Rewriting Writing A Rhetoric and Handbook - Jo Ray McCuen & Anthony C. Wrinkler

Thảo luận trong 'Tủ sách Học ngoại ngữ' bắt đầu bởi 1953snake, 21/12/14.

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  1. 1953snake

    1953snake Lớp 12

    Rewriting.jpg

    Như đã hứa với các bạn, đây là cuốn sách hướng dẫn cách viết (writing) và cách sửa lại nội dung đã viết (rewriting) đầy đủ nhất mà mình từng đọc (sách "gối đầu giường" của mình đấy các bạn :D). Trong sách, người đọc có thể học hỏi những nguyên tắc cơ bản về viết văn, từ xây dựng chủ đề, ý tưởng, câu, đoạn cho đến toàn thể bài văn, đồng thời có thể theo dõi các "theme papers" của học viên và các paragraphs của chính tác giả và các nhà văn khác đã viết và sửa chữa nhiều lần từ bản nháp đầu tiên cho đến bản hoàn chỉnh. Cuốn sách, theo nhận xét trên Amazon.com, "đặt nền tảng cho sinh viên ngành văn chương hay khoa học xã hội để từ một người chập chững viết trở thành một người viết hoàn hảo."

    Dưới đây là nội dung trích từ tác phẩm thể hiện nhận xét và ý kiến của tác giả về việc vì sao phải viết (writing) phù hợp với các nguyên tắc cơ bản và vì sao phải sửa đi sửa lại bài viết (writing).

    [Lời nói thêm: cuốn sách này trên thế giới đã tuyệt bản rồi, giờ chỉ duy nhất có trên tve-4u.org thôi! :D]

    From Chapter 1
    At 37,000 feet the Lockheed L-1011 was flying from Chicago to Atlanta through a violent thunderstorm. Crammed into the center aisle of seats was a nervous instructor of English and, beside him, a student on her way back to school after a long weekend. Oblivious to the shuddering of the aircraft in the dark night, the student coolly took out a yellow legal pad, neatly outlined an essay, and began to write.
    She was finished by the time the L-1011 had shaken itself loose of the storm and was rocking gently in the night sky seven miles above a speck of light the captain had identified as Louisville. Casting her eyes around the cabin at her fellow passengers, the student noticed the instructor watching her and struck up a conversation with him. It was plain to the instructor that she was proud of her freshly composed work and wanted to share it with someone, and since he was fascinated that anyone could even dream of writing under such nerve-wracking conditions, he eagerly accepted the invitation to read her essay.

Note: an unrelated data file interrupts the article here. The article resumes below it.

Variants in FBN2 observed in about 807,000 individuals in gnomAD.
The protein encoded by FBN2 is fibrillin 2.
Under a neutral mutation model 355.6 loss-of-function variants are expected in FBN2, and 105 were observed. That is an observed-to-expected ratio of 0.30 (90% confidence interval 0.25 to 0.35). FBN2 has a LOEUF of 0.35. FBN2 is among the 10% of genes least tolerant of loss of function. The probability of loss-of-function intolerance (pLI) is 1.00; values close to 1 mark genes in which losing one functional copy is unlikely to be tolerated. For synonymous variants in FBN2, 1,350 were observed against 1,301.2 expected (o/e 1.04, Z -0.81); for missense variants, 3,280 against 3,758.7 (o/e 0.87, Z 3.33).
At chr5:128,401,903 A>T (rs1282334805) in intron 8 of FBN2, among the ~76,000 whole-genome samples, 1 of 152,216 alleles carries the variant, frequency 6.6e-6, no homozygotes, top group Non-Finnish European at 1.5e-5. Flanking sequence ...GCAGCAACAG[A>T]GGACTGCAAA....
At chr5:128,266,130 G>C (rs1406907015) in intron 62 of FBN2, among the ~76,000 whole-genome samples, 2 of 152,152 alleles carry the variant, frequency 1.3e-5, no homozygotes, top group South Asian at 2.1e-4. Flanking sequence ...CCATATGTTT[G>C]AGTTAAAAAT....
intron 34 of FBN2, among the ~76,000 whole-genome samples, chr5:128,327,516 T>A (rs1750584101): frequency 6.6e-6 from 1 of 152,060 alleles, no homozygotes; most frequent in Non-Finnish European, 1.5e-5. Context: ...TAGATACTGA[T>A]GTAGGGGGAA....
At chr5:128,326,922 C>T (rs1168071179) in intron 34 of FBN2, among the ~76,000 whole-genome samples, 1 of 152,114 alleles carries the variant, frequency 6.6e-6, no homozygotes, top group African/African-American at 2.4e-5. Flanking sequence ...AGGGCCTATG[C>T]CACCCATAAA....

When he was done, the instructor decided that produced under unthinkable conditions - in bad light aboard a crowded aircraft bouncing through a thunderstorm - the essay was a brilliant effort. But read on the good earth during a placid hour, it would rate at best a "C." Its main point was clear enough but supported only by weak generalizations and trite details. Its paragraphs seemed choppy, being held together neither by a strong narrative thread in the writing nor by smooth transitions. While the language occasionally sparkled with the personality of the writer, for the most part it was drab and obvious. In short, the essay was glib but not at all convincing.
    "Do you like it?" the student asked, looking hopefully at her fellow passenger who, so far as she knew, could have been anyone from a plumber to a househusband.
    Seven miles up in a stormy night sky aboard a crowded aircraft, the instructor reflected, was no place for academic criticism (prayer struck him as a better use of the time), so he said politely that it seemed like a "good first draft." The student heaved a heavy sigh at this faint praise.
    "I'm in premed," she said with disappointment, putting the essay away. "I'm not a writer. It's the best I can do." In fact, it was not her best effort, and only the belief in a mistaken theory of composing could have made the student think so. She seemed to think that writing an essay required little more than pen, paper, and fifteen makeshift minutes, even in a thunderstorm. She had made no attempt at rewriting, but had merely glanced at the finished work, made a spelling correction here and there, and then sat back radiating an expression of premature contentment. It struck the incredulous instructor, who was occasionally used to struggling for hours over a single paragraph, that a gifted writer working this way could hardly have done better. The student's essay was not badly written; but it had been written badly.
    And so we come to the premise of this book, which is a simple one: if you write, you should rewrite. If you do not rewrite, you most likely will not write well. If you do rewrite, you will almost certainly write better than if you don't.


    From Chapter 2
    Very young writers often do not revise at all. Like a hen looking at a chalk line, they are hypnotized by what they have written.
    “How can it be altered?" they think. “That is the way it was written.”
    Well; it has to be altered.
    DOROTHY CANFIELD FISHER (1879-1958)


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    Chỉnh sửa cuối: 21/12/14
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